Requiem for Adam

Premiered in Amsterdam in 1998, Requiem was written by Minimalist founder Terry Riley in memory of Kronos Quartet violinist David Harrington’s 16-year-old son Adam, who died from a blood clot in his heart while hiking with family and friends on Mt. Diablo in California in 1995.

The first movement, “Ascending the Heaven Ladder,” is a beautiful four-note theme that undergoes reharmonization as it moves upward in a grouped pattern (probably my favorite); the second, “Cortejo Funebre en el Monte Diablo,” is more discordant with its use of electronic music (simulating horns, bells, gongs) to create a cacophonous modern sound that didn’t do it for me. The third movement, “Requiem for Adam,” starts with eerie string glissandos/polyrhythmic pulses building into a frenzy before turning silent (as the liner notes read: “when reaching the top, the music suddenly ends … but it doesn’t end, for as anyone who has experienced the full rush of radiant sound knows, when it ends there is a marvelous aura of un-sounded sound floating in the afterimage"). The reflective album concludes with a melancholy solo piano piece, “The Philosopher’s Hand,” composed and played spontaneously by Riley in memory of his teacher, Indian vocalist Pandit Pran Nath.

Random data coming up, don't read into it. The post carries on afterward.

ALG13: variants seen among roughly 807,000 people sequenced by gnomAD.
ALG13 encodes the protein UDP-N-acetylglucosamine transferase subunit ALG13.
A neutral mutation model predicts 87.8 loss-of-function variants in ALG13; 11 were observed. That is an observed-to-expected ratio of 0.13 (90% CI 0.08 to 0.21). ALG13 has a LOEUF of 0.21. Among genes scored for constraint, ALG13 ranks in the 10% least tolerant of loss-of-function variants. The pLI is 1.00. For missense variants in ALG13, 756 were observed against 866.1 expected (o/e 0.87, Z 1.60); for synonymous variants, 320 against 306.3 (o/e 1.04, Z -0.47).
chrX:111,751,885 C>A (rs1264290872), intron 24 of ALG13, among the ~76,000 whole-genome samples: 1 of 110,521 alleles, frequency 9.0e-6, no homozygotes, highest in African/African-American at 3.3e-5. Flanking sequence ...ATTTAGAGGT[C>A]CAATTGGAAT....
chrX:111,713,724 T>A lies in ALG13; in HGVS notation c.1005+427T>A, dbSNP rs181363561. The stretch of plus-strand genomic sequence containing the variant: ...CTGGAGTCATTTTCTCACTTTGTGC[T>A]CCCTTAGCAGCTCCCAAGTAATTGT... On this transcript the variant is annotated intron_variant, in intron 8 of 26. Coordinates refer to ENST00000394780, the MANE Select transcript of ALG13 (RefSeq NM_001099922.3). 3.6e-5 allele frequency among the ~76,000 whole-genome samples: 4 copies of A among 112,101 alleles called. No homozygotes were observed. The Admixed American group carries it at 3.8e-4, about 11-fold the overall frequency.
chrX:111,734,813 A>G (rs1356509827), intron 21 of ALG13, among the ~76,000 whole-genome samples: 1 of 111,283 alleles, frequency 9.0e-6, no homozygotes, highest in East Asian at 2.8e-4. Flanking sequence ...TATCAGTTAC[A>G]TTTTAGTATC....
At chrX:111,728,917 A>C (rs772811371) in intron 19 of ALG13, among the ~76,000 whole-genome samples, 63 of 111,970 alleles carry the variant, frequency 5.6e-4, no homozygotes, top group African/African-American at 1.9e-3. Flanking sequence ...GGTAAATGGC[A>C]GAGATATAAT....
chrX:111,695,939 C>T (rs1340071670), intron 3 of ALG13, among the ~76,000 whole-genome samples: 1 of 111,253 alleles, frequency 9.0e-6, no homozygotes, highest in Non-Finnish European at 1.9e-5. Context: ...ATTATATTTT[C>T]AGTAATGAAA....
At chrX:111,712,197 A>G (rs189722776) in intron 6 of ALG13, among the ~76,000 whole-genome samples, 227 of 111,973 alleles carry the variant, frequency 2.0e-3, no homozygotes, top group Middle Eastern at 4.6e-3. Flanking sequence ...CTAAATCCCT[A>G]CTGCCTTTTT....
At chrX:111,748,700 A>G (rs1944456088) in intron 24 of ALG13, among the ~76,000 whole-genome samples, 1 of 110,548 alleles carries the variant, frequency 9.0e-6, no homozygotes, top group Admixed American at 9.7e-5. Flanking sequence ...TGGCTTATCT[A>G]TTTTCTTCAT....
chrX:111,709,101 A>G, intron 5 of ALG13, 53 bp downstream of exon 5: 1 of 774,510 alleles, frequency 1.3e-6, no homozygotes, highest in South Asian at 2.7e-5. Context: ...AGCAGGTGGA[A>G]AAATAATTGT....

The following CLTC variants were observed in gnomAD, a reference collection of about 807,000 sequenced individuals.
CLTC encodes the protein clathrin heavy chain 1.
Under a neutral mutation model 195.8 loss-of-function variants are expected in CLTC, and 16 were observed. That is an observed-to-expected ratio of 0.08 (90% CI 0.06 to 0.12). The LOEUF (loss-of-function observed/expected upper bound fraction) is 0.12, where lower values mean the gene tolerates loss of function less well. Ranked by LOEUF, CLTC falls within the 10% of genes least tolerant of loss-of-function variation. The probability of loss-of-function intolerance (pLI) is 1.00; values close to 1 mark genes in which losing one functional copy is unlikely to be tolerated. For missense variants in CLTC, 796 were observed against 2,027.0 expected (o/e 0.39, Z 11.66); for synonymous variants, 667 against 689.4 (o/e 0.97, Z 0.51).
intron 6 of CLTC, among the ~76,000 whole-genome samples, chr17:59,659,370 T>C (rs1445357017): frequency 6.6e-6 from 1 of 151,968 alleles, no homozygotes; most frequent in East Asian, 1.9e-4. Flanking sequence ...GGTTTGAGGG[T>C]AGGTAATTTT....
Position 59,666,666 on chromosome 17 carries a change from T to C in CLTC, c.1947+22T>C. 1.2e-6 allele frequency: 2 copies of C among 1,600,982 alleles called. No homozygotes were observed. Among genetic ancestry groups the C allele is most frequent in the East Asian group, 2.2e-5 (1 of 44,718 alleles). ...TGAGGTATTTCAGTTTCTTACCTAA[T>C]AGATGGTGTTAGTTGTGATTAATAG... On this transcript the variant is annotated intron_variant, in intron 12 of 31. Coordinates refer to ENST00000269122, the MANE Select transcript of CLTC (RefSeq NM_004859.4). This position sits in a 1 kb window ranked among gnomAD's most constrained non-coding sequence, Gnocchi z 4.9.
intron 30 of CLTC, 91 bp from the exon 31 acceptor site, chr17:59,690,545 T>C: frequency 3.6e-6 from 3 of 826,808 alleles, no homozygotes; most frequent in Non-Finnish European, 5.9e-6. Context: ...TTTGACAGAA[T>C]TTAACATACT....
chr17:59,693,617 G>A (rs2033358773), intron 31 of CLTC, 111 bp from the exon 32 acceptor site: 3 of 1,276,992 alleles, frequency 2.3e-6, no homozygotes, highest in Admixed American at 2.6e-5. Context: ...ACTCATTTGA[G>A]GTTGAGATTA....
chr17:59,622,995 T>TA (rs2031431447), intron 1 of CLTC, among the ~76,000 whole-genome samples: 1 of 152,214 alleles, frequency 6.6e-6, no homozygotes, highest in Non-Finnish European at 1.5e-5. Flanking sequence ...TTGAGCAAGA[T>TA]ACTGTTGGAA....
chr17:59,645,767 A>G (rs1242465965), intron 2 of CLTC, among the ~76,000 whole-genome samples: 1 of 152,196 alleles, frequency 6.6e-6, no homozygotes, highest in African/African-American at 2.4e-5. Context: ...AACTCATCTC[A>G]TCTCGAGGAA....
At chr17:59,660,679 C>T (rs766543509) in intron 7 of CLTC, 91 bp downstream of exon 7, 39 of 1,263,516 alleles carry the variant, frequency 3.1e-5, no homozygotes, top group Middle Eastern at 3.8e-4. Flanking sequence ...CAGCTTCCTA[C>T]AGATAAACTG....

Overall, I enjoyed three-fourths of this deeply personal recording—and moreover, the way Riley has influenced Kronos’ sound over two decades by emphasis on bowing technique (intonation though other means than vibrato).